View Full Version : natural gas boilers

05-28-2008, 04:14 PM
Hi guys, new to the forum, I was wondering if any of you are experiencing problems with condensing gas boilers.
I am converting from oil to gas (can't wait) and would need approx. 130kbtu for baseboard and indirect domestic hot water. I was told that the stainless and aluminum heat exchangers in condensing boilers were falling apart (acid build-up?). I had a plumber recommend an energy kinetics system 2000. Just wondering about opinions on that system or other recommendations? Thanks in advance Lou.

05-29-2008, 03:22 AM

I have been running my buderus for about a year now with no problems. I will let you know what it looks like after we do service some time this summer. I did see one at the supply house that was all messed up but my guess would be it was replaced under warranty and thats why it was there.

I think in europe all anyone buys is condensing boilers due to thier energy policies that actually work. Best I can tell they have a good track record over there.

If you want the most cost savings make sure the person who sets it up takes the time to read the manual and knows a little somthing about temperature set points and installing out door resets. Baseboard (especially copper tube) is not an idea heat medium for getting the boiler to be run in condensing (highest efficiency) mode. I can get mine to run in condensing mode about 75-80% of the time which has lead to huge cost savings over oil.
I will have paid for the system and be about $3500 ahead by the end of next winter, so for me anyhow the cost savings were huge


05-29-2008, 06:26 AM
Also, the grade of stainless can have an effect on corrosion. the 400-grade (I think 444) they use in Polaris won't stand up to squat, while 300-grades will generally resist corrosion far better.

05-29-2008, 07:02 AM
Big Lou do you think it wouldn't be cost effective for me to go with the condensing boiler? Because of my baseboard heat. While I haven't ever read the return temp, anytime I've touched the return piping at the boiler it was hot to the touch.

05-29-2008, 07:27 AM
Any time you can run lower water temperatures and take advantage of the extra efficiency to be gained in condensing mode you will be saving. Given the price of natural gas and issues of greenhouse gas and global warming you really need to give a high efficiency modulating/condensing gas boiler a hard look.

You need to start with a heat loss calculation for your structure and determine the amount of existing radiation. There should be btu/ft/degree tables available from the baseboard manufacture. If you are currently over radiated for your load, you can run lower water temperatures and get into condensing range. If you have outdoor reset, you can also run lower temperatures in the swing seasons when the weather is warmer and the heat loss is less.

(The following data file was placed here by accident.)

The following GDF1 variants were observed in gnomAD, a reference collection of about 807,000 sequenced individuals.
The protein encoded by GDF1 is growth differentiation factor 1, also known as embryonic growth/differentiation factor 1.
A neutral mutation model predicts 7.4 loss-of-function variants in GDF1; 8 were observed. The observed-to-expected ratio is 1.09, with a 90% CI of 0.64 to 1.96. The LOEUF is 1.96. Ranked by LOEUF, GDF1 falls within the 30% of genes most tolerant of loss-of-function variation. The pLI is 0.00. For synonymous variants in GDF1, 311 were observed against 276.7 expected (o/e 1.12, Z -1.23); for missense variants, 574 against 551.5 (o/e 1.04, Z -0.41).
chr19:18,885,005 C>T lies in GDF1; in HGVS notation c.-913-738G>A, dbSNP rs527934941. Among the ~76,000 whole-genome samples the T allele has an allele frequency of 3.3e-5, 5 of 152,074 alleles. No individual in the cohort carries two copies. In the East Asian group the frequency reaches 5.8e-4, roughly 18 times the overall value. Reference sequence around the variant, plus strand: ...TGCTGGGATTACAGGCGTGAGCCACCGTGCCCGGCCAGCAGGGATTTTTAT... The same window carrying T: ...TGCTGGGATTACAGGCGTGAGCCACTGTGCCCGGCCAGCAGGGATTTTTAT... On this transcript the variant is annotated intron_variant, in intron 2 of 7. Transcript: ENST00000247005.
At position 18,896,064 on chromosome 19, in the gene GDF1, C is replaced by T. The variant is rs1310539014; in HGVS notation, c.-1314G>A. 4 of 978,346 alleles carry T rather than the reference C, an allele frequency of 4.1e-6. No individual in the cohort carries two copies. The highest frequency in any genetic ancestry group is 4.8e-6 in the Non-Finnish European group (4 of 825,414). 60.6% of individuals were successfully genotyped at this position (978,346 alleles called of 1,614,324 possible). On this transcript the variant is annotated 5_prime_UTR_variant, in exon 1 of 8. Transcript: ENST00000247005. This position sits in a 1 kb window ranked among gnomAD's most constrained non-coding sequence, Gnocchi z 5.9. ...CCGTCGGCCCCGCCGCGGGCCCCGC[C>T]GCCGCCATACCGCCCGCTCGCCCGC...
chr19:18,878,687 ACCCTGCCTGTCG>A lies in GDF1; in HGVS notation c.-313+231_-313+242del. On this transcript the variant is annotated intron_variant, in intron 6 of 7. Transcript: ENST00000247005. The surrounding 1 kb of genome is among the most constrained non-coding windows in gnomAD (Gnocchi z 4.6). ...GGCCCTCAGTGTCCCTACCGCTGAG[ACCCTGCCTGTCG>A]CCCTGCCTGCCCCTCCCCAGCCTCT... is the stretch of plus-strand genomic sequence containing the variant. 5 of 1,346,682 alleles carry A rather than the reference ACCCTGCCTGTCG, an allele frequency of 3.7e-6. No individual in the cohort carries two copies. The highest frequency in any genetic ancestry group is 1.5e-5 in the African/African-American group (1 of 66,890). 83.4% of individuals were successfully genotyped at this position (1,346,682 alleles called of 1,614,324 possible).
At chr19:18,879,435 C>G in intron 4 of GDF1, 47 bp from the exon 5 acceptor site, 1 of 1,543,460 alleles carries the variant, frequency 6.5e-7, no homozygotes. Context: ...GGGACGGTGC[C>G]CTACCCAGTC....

You may be able to estimate the balance of radiation vs load by knowing your current water temperature, and how long the system runs when it is very cold outside.

05-29-2008, 07:53 AM
Older boilers typically ran at a fixed temperature. On a mild day, it might fire up and only circulate the water for a few minutes, then stop. This isn't particularly efficient. More modern systems can adjust the water temperature to the load, so on a mild day, instead of 180-degree water, it might only produce 120-degree water, and run longer. On a condensing MODULATING boiler, it can also adjust the heat output to match the load, and actually gets more efficient at these lower outputs since the heat exhanger can be more efficient.

As you lower the temperature, you also limit the maximum amount of heat you can release into the room, so on a very cold day, you may need that 180-degree water to be warm. Getting a boiler that can adjust can save money during operation that has to be reviewed against the extra costs up front to pay for the higher complexity. Reliability plays into this as well, so pick a reliable brand with good warranty and hope for the best.

05-29-2008, 03:58 PM
So, it sounds like condensing, modulating is the way to go. however it does seem like I or a Pro would have to make adjustments as the boiler runs to get the most effeciency out of it, or did I misunderstand. If so can you give me some advice on how it should be set up this way I can determine if the contractor is knowledgeable or a hack like me. The one thing I did learn from prior posts is that if the contractor doesn't set it up properly I'll be in for a nightmare. Thank you guys already for all the great advice. This is a great forum and I appreciate you guys taking the time to answer these questions. I think I've become anal in my old age and I try to get as much info as possible on anything I buy.

05-29-2008, 05:38 PM
No, the smarter boilers utilize sensors and computers to automatically adjust things. To do this properly, it needs an outdoor temperature sensor, incoming and outgoing water sensors. Then, it sees how much heat loss there is in the heating loop, checks against the outside temp, and then adjusts the boiler temp for maximum comfort and efficiency.